Item 9.8 featured Xmas/Chanukah decorations. We note at the outset this item probably involved the longest ‘discussion’ of the evening going on for about 20 minutes. Far more than delegations, planning applications, financial reports, Amendments, etc. Good to see that councillors know what deserves top billing! We also remind readers that the razing of the conservatory was voted in on the basis that ‘restoration’ was too expensive and that council had to be frugal with its limited finances!

Lipshutz ‘expanded’ the recommendation to include lighting, Xmas trees and Chanukias in all four libraries, at the town hall and at Gesac. Seconded by Okotel.

LIPSHUTZ: said there was some ‘vexed issues’ about installing both Xmas trees and Chanukias. Stated that this is a ‘largely Christian’ society where ‘Christmas is celebrated’ so it’s ‘appropriate’ to have ‘festive lights’ and a tree. Even people who aren’t religious still ‘celebrate Christmas’. Glen Eira has the largest Jewish population of ‘anywhere in Australia’ and since Chanukah ‘falls around the same time’ as Christmas it’s appropriate that ‘we also recognise that’. Council shouldn’t be just looking at ‘bricks and mortar’ but also how ‘people feel’ and that Council should recognise that there are people who want to ‘celebrate Christmas, celebrate Chanukah’.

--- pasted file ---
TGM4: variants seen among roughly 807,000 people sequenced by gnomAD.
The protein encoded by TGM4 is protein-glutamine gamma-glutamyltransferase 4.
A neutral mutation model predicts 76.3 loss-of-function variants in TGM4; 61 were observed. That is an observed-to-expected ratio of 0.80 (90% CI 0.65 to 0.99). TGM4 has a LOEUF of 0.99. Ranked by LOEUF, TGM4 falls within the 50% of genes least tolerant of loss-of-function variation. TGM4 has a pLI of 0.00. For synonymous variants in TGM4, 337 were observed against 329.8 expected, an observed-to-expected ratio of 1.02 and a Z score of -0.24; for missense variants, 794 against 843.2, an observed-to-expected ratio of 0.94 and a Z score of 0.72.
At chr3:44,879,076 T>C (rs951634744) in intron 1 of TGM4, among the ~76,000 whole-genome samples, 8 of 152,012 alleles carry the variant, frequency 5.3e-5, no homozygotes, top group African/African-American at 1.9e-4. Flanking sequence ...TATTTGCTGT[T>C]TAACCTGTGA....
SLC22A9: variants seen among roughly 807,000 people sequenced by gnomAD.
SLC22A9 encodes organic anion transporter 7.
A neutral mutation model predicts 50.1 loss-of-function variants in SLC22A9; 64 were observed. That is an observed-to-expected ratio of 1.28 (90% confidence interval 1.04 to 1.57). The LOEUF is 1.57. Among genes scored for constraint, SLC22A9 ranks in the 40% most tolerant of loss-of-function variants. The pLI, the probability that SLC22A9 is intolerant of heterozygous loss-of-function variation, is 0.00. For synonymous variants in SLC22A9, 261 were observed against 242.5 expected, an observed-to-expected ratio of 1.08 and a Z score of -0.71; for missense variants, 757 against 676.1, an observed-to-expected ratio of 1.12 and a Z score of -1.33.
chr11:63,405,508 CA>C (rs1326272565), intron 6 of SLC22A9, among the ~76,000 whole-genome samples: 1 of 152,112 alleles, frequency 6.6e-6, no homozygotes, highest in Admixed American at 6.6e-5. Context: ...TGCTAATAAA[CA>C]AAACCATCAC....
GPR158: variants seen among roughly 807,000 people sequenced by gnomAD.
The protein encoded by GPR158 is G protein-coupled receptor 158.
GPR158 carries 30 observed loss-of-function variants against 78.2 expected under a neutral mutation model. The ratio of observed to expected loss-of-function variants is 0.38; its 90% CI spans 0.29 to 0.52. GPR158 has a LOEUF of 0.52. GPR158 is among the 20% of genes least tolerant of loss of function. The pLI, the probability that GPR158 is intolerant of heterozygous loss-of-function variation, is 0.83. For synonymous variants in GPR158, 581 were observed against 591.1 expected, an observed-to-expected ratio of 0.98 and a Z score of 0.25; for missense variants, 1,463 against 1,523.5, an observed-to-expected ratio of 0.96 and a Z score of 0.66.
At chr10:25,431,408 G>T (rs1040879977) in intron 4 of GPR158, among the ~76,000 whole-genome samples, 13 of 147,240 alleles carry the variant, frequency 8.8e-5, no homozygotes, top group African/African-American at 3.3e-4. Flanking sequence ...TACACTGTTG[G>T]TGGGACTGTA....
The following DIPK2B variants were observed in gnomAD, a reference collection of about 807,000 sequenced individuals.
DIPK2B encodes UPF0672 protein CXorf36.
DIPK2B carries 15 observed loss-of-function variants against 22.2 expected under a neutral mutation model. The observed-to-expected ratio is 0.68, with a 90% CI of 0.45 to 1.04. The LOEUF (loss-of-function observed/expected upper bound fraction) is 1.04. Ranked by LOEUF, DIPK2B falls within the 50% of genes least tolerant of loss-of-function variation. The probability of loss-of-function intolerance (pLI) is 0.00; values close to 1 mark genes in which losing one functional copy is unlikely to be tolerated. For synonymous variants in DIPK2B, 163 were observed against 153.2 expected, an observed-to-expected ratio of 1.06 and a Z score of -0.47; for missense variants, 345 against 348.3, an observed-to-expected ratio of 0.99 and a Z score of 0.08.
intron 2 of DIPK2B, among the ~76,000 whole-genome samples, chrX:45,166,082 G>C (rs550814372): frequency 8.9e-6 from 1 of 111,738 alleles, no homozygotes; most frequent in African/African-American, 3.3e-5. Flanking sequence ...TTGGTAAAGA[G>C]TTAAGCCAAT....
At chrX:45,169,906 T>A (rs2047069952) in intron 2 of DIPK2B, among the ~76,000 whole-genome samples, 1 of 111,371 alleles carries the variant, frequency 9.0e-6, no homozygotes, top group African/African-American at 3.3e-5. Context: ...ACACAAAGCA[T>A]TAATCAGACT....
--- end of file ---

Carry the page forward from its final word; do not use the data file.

OKOTEL: delighted with the motion because she has been ‘envious’ of what other councils such as Stonnington do in comparison to the ‘bare town hall’ that is in Glen Eira and thought that it was ’embarrassing’ that there’s nothing at the town hall here. Even though some people might think of such decorations as ‘trivial’ she doesn’t think so. Having decorations brings ‘hope’ and a feeling of ‘celebration’. Council should ‘help’ and ‘facilitate’ people entering into ‘that festive season’. Decorations are ‘simple’ but it helps people enter ‘into that spirit’.

SOUNNESS: said he was sorry because he thought that they should be ‘doing councillor’ things and not so much about religion which ‘isn’t to my comfort’. Foreshadowed that he would abstain from the vote.

DELAHUNTY: asked anyone that since Lipshutz’s motion covered all the recommendations plus the extra one about Gesac, she wanted to know what this added to the $40,000 cost.

JONES: said he assumed that ‘we would be adding an additional’ Christmas tree and Chanukiah but ‘wasn’t quite sure’ what the answer was.

After some confusion it was decided that this would be an extra $2000 – making it $42,000